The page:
NASA Sends Mona Lisa to the Moon!

moonIn an effort to demonstrate how laser communications work, and perhaps just to show off a little, a team of NASA engineers shot an image of the Mona Lisa to the moon by piggybacking it on laser pulses. The transmission occurred back in mid-January, and took place between NASA’s Goddard Space Flight Center here on Earth and the Lunar Reconnaissance Orbiter (LRO) some 386,000 km (240,000 miles) away. In addition to showcases how NASA regularly communicated with the orbiter, it also presented a possible means of communicating with a future moon colony.

On any given day, scientists at the Goddard Space Flight Center use what is known as the Next Generation Satellite Laser Ranging Station to track the LRO’s position. Expanding on this, the staff reprogrammed the laser to send the massive work of art in the form of as massive JPEG file. This involved chopping the picture into a 152×200 pixel array, with each pixel assigned a gray-scale value and beamed up one at a time. All told, the process took some time, with image transmission speed clocked at about 300 bits per second.

mona_lisa_laserIt then fell to LOLO, the LRO’s Lunar Orbiter Laser Altimeter, to put the Mona Lisa back together based on the arrival times of the pixel data. All the while, LOLA continued to pursue its primary mission of mapping out the lunar terrain. The image was then beamed back to Earth via the LRO’s radio telemetry system, with only minor errors caused by turbulence in the atmosphere.

MIT’s David Smith, head of LOLA, had this to say about the event in a release:

“This is the first time anyone has achieved one-way laser communication at planetary distances. In the near future, this type of simple laser communication might serve as a backup for the radio communication that satellites use. In the more distant future, it may allow communication at higher data rates than present radio links can provide.”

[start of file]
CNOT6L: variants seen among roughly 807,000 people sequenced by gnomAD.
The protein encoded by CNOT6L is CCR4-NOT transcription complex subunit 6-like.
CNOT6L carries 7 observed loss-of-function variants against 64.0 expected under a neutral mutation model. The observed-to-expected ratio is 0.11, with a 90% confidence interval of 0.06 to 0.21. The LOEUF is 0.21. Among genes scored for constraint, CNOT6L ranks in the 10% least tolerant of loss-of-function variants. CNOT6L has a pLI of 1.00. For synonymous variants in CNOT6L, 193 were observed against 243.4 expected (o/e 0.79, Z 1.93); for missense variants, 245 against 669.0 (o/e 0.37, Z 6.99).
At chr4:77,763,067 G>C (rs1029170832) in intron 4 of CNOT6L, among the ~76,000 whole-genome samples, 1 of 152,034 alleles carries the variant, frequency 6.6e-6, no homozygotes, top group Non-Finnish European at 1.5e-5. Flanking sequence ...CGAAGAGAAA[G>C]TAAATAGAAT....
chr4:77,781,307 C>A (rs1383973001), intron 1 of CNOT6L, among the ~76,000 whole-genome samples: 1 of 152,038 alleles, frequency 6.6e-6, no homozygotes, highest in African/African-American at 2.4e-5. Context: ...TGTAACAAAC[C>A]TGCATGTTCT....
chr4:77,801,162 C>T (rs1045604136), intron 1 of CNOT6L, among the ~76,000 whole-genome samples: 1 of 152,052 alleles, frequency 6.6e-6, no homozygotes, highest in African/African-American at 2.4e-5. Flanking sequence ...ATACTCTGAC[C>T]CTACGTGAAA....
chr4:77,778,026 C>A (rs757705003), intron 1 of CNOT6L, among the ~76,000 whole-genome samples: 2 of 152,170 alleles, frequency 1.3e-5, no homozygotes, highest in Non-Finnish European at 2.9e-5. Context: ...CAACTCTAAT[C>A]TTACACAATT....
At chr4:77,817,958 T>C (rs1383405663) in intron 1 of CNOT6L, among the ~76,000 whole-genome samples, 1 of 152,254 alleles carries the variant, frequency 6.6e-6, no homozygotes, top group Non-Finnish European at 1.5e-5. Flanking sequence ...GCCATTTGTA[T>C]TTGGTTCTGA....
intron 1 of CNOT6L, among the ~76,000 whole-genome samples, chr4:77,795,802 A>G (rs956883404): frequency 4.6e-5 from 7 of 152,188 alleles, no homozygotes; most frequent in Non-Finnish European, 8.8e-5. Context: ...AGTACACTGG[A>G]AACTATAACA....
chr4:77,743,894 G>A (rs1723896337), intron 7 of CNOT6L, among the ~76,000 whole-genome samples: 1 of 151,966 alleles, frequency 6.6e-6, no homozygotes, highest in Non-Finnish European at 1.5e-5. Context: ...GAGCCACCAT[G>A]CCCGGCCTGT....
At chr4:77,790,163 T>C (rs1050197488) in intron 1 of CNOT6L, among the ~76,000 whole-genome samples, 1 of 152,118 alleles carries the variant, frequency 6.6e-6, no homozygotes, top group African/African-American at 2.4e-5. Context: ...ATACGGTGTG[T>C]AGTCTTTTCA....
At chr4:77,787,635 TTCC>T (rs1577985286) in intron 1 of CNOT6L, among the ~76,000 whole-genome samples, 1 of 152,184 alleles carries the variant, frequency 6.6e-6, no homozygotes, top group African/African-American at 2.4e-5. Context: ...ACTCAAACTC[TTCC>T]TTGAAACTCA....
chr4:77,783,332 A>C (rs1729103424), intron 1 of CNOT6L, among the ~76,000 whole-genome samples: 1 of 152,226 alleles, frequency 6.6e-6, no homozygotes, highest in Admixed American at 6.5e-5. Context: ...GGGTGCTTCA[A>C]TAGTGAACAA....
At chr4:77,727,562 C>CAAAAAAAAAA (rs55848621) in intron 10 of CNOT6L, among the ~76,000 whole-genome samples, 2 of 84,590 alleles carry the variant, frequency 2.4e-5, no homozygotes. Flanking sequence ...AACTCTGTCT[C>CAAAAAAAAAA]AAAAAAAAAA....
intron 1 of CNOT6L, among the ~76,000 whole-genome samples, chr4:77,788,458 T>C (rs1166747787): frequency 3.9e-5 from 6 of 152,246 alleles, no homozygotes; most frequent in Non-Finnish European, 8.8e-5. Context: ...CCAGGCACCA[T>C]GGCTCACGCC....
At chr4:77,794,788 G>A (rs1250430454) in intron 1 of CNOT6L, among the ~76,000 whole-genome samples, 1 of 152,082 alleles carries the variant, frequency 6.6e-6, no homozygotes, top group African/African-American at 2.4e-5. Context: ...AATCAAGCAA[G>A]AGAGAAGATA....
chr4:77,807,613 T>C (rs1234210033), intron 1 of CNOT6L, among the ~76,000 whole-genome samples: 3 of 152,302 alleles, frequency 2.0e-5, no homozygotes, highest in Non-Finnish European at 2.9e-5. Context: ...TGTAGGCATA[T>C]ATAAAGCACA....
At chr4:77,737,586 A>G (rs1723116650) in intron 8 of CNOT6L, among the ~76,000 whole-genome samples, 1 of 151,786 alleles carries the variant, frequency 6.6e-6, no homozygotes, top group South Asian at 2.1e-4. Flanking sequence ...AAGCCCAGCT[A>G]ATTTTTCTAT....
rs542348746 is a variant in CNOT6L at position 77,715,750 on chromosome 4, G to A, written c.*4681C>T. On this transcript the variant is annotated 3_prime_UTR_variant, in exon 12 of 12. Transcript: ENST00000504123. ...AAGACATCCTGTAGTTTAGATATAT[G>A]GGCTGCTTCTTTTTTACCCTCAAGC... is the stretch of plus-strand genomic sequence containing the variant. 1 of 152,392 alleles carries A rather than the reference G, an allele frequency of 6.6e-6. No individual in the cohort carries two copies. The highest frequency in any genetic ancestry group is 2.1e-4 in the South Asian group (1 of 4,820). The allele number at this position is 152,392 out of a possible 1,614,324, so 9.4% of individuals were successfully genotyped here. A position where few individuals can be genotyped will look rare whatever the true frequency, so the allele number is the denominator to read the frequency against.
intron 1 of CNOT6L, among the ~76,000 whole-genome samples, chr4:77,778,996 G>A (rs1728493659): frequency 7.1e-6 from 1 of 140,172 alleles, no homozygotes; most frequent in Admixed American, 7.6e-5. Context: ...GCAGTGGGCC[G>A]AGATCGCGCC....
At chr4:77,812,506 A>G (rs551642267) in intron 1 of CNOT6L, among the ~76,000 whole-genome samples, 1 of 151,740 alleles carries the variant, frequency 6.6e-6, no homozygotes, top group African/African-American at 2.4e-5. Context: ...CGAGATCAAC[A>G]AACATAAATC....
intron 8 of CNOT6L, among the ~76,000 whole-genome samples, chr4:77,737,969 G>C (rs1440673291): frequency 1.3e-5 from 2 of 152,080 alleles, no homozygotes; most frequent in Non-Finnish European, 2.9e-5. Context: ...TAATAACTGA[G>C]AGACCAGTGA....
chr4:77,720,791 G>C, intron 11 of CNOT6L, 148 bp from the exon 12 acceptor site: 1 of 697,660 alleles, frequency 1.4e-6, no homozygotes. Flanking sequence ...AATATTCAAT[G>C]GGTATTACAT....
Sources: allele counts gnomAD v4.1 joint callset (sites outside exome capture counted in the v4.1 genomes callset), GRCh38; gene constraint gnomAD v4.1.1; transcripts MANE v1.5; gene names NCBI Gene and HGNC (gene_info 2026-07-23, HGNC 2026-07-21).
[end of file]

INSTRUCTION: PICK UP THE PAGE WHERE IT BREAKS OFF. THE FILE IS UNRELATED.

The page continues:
According to NASA, the success of the demonstration could pave the way for lasers to be used for satellite communication, particularly with its Lunar Atmosphere and Dust Environment Explorer (LADEE) mission, which is set to launch this year.

No telling how DaVinci might react to the news of his classic portrait breaching the heavens and being beamed into space. However, given the man’s obvious love of his work and fascination with all things metaphysical and scientific, I think he would have been very happy. Perhaps if his enigmatic masterpiece were to be send into the cosmos as part of the search for extra-terrestrial life too. But that’s another day and another mission!

And be sure to check out the video below from the Goddard SFC explaining the process, courtesy of NASA:


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